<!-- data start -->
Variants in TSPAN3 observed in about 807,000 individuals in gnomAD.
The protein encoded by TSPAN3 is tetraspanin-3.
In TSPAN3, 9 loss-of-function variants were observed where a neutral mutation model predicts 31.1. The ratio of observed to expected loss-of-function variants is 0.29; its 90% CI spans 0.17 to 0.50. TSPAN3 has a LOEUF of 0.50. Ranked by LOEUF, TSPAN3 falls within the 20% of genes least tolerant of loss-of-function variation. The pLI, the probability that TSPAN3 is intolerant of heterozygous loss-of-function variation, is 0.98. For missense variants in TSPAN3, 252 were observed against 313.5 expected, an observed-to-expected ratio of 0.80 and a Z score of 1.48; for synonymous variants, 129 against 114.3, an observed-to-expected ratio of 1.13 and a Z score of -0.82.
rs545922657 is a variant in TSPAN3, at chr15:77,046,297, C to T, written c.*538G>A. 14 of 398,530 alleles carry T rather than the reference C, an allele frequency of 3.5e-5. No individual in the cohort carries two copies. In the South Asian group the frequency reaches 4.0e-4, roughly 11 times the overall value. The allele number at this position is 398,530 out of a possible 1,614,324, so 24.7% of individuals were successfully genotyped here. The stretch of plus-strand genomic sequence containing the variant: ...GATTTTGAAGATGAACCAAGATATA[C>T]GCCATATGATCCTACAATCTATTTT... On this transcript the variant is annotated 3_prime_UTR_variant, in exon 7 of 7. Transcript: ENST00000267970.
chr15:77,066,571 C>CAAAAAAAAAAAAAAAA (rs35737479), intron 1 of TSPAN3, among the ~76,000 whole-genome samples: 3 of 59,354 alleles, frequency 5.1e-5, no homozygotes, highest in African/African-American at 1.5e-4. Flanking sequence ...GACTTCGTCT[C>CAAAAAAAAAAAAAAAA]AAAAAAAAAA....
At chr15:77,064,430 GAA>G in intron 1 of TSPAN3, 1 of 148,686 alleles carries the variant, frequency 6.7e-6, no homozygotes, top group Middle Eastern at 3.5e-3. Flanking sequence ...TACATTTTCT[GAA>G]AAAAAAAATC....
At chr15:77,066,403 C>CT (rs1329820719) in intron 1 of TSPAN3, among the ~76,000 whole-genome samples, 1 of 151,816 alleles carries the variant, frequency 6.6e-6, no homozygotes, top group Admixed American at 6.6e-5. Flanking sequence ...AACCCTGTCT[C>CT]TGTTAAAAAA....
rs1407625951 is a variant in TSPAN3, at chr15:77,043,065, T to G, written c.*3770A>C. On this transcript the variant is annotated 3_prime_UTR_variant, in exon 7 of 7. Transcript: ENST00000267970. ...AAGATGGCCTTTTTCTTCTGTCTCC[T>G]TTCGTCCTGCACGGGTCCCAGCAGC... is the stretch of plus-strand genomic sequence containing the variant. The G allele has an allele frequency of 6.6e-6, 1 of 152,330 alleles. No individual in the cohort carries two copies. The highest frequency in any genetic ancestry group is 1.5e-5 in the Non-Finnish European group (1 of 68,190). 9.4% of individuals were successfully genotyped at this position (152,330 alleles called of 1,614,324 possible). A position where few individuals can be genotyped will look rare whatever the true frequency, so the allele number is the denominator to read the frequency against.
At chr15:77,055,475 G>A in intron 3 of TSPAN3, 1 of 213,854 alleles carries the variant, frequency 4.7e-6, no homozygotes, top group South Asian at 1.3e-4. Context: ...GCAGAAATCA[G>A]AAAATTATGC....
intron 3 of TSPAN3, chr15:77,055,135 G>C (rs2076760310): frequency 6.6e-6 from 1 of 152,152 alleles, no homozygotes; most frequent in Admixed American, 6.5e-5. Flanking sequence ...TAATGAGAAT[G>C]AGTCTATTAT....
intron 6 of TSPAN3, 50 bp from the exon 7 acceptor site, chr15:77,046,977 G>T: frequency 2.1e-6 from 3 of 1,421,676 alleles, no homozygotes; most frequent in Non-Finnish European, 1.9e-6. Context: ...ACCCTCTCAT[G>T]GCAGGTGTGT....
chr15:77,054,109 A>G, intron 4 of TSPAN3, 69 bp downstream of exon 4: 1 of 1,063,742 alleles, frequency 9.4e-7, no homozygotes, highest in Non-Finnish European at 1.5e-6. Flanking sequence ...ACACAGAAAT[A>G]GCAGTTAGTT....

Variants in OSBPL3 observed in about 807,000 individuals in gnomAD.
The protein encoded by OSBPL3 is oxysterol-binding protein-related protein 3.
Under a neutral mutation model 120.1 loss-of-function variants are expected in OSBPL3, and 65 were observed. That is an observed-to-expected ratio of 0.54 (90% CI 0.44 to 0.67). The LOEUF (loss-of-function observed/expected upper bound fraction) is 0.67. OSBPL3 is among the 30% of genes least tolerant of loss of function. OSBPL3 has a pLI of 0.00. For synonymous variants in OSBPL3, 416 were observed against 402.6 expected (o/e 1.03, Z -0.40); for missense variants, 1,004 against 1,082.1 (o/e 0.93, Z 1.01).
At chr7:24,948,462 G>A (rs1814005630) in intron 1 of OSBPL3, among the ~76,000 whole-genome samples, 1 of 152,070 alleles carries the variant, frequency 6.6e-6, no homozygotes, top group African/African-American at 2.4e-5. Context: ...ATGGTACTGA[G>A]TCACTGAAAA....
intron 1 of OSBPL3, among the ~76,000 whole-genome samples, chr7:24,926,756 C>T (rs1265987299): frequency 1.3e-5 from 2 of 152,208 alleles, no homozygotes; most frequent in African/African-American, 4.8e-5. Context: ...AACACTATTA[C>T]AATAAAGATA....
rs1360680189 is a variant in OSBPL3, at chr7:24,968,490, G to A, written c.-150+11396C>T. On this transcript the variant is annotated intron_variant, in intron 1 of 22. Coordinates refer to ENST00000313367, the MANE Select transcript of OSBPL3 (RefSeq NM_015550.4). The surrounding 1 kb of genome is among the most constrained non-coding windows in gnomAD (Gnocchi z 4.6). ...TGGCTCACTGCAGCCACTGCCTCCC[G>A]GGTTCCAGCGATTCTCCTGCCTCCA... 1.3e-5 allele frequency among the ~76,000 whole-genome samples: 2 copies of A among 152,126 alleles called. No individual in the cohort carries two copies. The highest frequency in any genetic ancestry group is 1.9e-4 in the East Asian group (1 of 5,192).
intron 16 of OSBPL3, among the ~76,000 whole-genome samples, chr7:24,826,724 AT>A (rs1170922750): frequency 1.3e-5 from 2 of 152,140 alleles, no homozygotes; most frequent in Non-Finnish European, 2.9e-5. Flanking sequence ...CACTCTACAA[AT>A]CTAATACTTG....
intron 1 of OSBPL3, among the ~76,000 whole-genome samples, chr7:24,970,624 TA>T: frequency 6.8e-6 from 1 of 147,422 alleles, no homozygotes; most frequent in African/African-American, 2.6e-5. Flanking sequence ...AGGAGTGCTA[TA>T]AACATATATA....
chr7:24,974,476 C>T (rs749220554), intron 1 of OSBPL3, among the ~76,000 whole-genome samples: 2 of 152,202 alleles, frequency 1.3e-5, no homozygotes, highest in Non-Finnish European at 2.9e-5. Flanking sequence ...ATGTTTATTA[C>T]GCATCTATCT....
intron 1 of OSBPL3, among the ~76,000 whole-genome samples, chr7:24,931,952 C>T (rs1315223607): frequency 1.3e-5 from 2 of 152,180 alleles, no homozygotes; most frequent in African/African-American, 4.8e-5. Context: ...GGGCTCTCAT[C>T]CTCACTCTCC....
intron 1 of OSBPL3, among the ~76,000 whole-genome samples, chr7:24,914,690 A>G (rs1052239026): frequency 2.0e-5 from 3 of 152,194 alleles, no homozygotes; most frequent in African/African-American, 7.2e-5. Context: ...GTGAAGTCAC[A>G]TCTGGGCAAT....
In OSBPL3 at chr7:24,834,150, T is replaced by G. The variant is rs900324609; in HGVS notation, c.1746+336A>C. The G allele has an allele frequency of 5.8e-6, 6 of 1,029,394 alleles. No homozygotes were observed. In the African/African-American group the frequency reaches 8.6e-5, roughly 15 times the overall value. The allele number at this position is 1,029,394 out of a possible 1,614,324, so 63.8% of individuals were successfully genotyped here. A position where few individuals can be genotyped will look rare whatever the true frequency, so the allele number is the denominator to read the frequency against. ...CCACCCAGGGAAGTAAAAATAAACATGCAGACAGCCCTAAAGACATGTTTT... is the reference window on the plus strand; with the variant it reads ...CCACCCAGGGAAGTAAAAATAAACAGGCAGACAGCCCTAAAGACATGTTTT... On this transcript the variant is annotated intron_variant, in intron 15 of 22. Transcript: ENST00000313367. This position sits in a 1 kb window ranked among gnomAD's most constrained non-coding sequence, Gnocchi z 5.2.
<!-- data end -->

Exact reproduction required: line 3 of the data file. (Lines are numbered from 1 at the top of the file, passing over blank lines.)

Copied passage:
In TSPAN3, 9 loss-of-function variants were observed where a neutral mutation model predicts 31.1. The ratio of observed to expected loss-of-function variants is 0.29; its 90% CI spans 0.17 to 0.50. TSPAN3 has a LOEUF of 0.50. Ranked by LOEUF, TSPAN3 falls within the 20% of genes least tolerant of loss-of-function variation. The pLI, the probability that TSPAN3 is intolerant of heterozygous loss-of-function variation, is 0.98. For missense variants in TSPAN3, 252 were observed against 313.5 expected, an observed-to-expected ratio of 0.80 and a Z score of 1.48; for synonymous variants, 129 against 114.3, an observed-to-expected ratio of 1.13 and a Z score of -0.82.